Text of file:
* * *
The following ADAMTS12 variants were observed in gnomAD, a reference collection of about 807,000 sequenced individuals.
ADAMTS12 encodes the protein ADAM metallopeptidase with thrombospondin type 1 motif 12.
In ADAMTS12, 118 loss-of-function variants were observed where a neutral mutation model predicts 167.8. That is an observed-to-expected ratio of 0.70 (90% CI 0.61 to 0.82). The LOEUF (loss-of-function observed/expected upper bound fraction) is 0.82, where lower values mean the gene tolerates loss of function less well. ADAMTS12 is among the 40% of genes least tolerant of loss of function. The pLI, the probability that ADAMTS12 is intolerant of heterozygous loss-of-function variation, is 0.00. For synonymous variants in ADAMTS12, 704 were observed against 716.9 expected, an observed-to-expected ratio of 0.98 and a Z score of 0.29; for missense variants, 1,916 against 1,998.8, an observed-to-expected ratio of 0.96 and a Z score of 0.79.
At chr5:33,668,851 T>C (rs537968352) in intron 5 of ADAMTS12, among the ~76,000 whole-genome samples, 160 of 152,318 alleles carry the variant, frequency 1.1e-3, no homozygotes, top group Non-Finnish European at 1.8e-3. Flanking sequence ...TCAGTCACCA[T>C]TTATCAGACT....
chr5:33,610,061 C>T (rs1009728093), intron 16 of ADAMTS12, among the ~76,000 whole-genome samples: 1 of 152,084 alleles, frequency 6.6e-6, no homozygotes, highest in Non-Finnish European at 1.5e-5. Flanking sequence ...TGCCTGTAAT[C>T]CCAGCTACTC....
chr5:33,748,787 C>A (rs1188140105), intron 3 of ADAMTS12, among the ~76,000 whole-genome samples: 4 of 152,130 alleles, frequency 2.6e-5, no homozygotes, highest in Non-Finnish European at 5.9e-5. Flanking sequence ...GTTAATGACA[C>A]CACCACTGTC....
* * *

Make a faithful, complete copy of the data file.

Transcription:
The following ADAMTS12 variants were observed in gnomAD, a reference collection of about 807,000 sequenced individuals.
ADAMTS12 encodes the protein ADAM metallopeptidase with thrombospondin type 1 motif 12.
In ADAMTS12, 118 loss-of-function variants were observed where a neutral mutation model predicts 167.8. That is an observed-to-expected ratio of 0.70 (90% CI 0.61 to 0.82). The LOEUF (loss-of-function observed/expected upper bound fraction) is 0.82, where lower values mean the gene tolerates loss of function less well. ADAMTS12 is among the 40% of genes least tolerant of loss of function. The pLI, the probability that ADAMTS12 is intolerant of heterozygous loss-of-function variation, is 0.00. For synonymous variants in ADAMTS12, 704 were observed against 716.9 expected, an observed-to-expected ratio of 0.98 and a Z score of 0.29; for missense variants, 1,916 against 1,998.8, an observed-to-expected ratio of 0.96 and a Z score of 0.79.
At chr5:33,668,851 T>C (rs537968352) in intron 5 of ADAMTS12, among the ~76,000 whole-genome samples, 160 of 152,318 alleles carry the variant, frequency 1.1e-3, no homozygotes, top group Non-Finnish European at 1.8e-3. Flanking sequence ...TCAGTCACCA[T>C]TTATCAGACT....
chr5:33,610,061 C>T (rs1009728093), intron 16 of ADAMTS12, among the ~76,000 whole-genome samples: 1 of 152,084 alleles, frequency 6.6e-6, no homozygotes, highest in Non-Finnish European at 1.5e-5. Flanking sequence ...TGCCTGTAAT[C>T]CCAGCTACTC....
chr5:33,748,787 C>A (rs1188140105), intron 3 of ADAMTS12, among the ~76,000 whole-genome samples: 4 of 152,130 alleles, frequency 2.6e-5, no homozygotes, highest in Non-Finnish European at 5.9e-5. Flanking sequence ...GTTAATGACA[C>A]CACCACTGTC....